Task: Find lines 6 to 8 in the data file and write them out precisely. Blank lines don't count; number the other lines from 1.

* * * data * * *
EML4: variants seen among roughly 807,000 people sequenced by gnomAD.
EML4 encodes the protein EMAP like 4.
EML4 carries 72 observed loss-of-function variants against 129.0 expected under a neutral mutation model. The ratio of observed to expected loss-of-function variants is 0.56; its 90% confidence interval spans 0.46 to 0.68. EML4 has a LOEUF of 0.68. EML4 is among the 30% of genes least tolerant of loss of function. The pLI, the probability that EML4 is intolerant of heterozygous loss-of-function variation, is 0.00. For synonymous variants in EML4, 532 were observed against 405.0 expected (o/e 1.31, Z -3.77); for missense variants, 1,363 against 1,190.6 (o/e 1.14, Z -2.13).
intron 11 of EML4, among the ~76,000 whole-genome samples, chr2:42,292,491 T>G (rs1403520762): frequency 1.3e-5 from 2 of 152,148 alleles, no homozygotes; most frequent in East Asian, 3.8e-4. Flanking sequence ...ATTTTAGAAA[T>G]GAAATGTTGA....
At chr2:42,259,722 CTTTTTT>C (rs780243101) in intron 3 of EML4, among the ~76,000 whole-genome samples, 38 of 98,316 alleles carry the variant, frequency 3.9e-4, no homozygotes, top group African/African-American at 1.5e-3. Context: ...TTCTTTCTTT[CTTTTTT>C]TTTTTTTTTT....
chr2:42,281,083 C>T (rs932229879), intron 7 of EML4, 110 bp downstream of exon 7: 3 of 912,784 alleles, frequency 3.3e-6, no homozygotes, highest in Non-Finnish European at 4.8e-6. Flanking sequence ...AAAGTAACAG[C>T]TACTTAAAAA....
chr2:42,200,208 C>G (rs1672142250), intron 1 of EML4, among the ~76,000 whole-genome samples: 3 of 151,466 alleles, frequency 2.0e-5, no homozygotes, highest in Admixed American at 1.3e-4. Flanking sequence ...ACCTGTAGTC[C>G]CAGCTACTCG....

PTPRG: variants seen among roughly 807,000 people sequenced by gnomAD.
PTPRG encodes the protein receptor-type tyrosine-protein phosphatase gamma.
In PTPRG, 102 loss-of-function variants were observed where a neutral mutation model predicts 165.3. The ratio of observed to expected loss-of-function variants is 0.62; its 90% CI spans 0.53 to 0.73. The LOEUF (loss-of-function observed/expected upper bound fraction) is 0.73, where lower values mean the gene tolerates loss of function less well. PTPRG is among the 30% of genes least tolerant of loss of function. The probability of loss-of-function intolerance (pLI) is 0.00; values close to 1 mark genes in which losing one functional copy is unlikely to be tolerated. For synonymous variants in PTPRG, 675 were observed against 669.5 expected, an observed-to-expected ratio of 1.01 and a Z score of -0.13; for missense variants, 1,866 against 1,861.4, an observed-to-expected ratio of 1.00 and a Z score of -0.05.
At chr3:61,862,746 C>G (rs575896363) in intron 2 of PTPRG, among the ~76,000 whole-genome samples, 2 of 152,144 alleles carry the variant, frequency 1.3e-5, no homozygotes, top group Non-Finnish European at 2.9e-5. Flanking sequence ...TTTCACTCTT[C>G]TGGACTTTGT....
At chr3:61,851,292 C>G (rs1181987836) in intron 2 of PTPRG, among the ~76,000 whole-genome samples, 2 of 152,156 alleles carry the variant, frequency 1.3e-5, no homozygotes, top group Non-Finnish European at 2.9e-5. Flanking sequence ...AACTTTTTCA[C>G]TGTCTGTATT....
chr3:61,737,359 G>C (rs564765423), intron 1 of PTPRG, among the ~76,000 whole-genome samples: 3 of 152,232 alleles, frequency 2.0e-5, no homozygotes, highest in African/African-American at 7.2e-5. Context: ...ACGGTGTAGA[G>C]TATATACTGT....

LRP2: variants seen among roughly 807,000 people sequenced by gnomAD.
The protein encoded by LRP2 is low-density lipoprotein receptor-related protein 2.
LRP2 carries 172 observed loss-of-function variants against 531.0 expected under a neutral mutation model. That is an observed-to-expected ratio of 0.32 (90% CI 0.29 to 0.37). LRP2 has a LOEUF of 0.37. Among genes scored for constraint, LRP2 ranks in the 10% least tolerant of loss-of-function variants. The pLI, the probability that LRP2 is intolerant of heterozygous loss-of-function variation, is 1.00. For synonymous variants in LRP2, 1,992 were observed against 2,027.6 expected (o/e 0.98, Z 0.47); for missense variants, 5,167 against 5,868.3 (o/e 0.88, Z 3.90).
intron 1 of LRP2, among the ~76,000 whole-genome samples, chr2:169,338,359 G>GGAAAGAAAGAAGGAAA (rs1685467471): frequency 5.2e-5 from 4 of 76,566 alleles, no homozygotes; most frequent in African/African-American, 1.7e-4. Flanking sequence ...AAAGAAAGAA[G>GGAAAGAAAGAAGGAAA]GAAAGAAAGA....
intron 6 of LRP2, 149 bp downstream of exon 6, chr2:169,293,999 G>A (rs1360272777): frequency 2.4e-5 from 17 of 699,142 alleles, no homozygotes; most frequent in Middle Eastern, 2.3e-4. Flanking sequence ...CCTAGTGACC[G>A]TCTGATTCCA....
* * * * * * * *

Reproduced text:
chr2:42,281,083 C>T (rs932229879), intron 7 of EML4, 110 bp downstream of exon 7: 3 of 912,784 alleles, frequency 3.3e-6, no homozygotes, highest in Non-Finnish European at 4.8e-6. Flanking sequence ...AAAGTAACAG[C>T]TACTTAAAAA....
chr2:42,200,208 C>G (rs1672142250), intron 1 of EML4, among the ~76,000 whole-genome samples: 3 of 151,466 alleles, frequency 2.0e-5, no homozygotes, highest in Admixed American at 1.3e-4. Flanking sequence ...ACCTGTAGTC[C>G]CAGCTACTCG....

PTPRG: variants seen among roughly 807,000 people sequenced by gnomAD.